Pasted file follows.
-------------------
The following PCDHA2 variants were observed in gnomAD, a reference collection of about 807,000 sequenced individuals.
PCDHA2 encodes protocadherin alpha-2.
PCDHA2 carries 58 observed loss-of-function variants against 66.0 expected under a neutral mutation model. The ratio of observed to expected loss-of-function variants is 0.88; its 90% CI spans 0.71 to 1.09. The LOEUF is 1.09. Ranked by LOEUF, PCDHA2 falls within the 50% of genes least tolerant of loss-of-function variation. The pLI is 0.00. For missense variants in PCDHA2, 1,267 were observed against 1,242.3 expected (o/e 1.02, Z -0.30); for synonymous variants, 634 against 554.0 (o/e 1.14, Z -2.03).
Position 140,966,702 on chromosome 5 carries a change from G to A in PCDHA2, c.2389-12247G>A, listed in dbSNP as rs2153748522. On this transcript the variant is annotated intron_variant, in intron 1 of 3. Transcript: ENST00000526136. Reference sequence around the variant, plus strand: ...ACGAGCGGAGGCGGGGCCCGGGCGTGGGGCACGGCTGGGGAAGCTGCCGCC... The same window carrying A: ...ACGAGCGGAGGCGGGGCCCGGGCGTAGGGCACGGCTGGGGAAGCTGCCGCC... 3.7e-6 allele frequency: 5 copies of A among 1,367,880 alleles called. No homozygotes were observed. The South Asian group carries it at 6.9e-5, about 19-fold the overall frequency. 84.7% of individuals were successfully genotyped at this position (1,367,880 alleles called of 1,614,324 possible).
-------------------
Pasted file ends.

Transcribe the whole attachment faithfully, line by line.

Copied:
The following PCDHA2 variants were observed in gnomAD, a reference collection of about 807,000 sequenced individuals.
PCDHA2 encodes protocadherin alpha-2.
PCDHA2 carries 58 observed loss-of-function variants against 66.0 expected under a neutral mutation model. The ratio of observed to expected loss-of-function variants is 0.88; its 90% CI spans 0.71 to 1.09. The LOEUF is 1.09. Ranked by LOEUF, PCDHA2 falls within the 50% of genes least tolerant of loss-of-function variation. The pLI is 0.00. For missense variants in PCDHA2, 1,267 were observed against 1,242.3 expected (o/e 1.02, Z -0.30); for synonymous variants, 634 against 554.0 (o/e 1.14, Z -2.03).
Position 140,966,702 on chromosome 5 carries a change from G to A in PCDHA2, c.2389-12247G>A, listed in dbSNP as rs2153748522. On this transcript the variant is annotated intron_variant, in intron 1 of 3. Transcript: ENST00000526136. Reference sequence around the variant, plus strand: ...ACGAGCGGAGGCGGGGCCCGGGCGTGGGGCACGGCTGGGGAAGCTGCCGCC... The same window carrying A: ...ACGAGCGGAGGCGGGGCCCGGGCGTAGGGCACGGCTGGGGAAGCTGCCGCC... 3.7e-6 allele frequency: 5 copies of A among 1,367,880 alleles called. No homozygotes were observed. The South Asian group carries it at 6.9e-5, about 19-fold the overall frequency. 84.7% of individuals were successfully genotyped at this position (1,367,880 alleles called of 1,614,324 possible).